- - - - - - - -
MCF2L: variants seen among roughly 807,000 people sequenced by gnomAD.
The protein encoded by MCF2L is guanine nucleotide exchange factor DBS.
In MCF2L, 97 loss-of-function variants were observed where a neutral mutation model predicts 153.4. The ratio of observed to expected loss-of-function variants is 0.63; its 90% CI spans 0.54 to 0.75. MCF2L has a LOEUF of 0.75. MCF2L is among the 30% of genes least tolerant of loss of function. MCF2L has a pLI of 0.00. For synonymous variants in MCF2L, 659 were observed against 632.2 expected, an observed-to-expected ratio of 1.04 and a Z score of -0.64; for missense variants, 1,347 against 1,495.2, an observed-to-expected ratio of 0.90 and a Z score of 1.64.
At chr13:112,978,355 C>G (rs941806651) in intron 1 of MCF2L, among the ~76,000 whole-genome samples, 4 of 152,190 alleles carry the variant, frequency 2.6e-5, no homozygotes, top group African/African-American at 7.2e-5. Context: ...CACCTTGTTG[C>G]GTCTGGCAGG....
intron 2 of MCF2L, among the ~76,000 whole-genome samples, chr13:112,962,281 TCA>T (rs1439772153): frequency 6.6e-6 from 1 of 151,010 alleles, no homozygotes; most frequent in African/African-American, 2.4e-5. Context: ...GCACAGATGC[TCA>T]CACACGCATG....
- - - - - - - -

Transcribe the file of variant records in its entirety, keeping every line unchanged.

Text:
MCF2L: variants seen among roughly 807,000 people sequenced by gnomAD.
The protein encoded by MCF2L is guanine nucleotide exchange factor DBS.
In MCF2L, 97 loss-of-function variants were observed where a neutral mutation model predicts 153.4. The ratio of observed to expected loss-of-function variants is 0.63; its 90% CI spans 0.54 to 0.75. MCF2L has a LOEUF of 0.75. MCF2L is among the 30% of genes least tolerant of loss of function. MCF2L has a pLI of 0.00. For synonymous variants in MCF2L, 659 were observed against 632.2 expected, an observed-to-expected ratio of 1.04 and a Z score of -0.64; for missense variants, 1,347 against 1,495.2, an observed-to-expected ratio of 0.90 and a Z score of 1.64.
At chr13:112,978,355 C>G (rs941806651) in intron 1 of MCF2L, among the ~76,000 whole-genome samples, 4 of 152,190 alleles carry the variant, frequency 2.6e-5, no homozygotes, top group African/African-American at 7.2e-5. Context: ...CACCTTGTTG[C>G]GTCTGGCAGG....
intron 2 of MCF2L, among the ~76,000 whole-genome samples, chr13:112,962,281 TCA>T (rs1439772153): frequency 6.6e-6 from 1 of 151,010 alleles, no homozygotes; most frequent in African/African-American, 2.4e-5. Context: ...GCACAGATGC[TCA>T]CACACGCATG....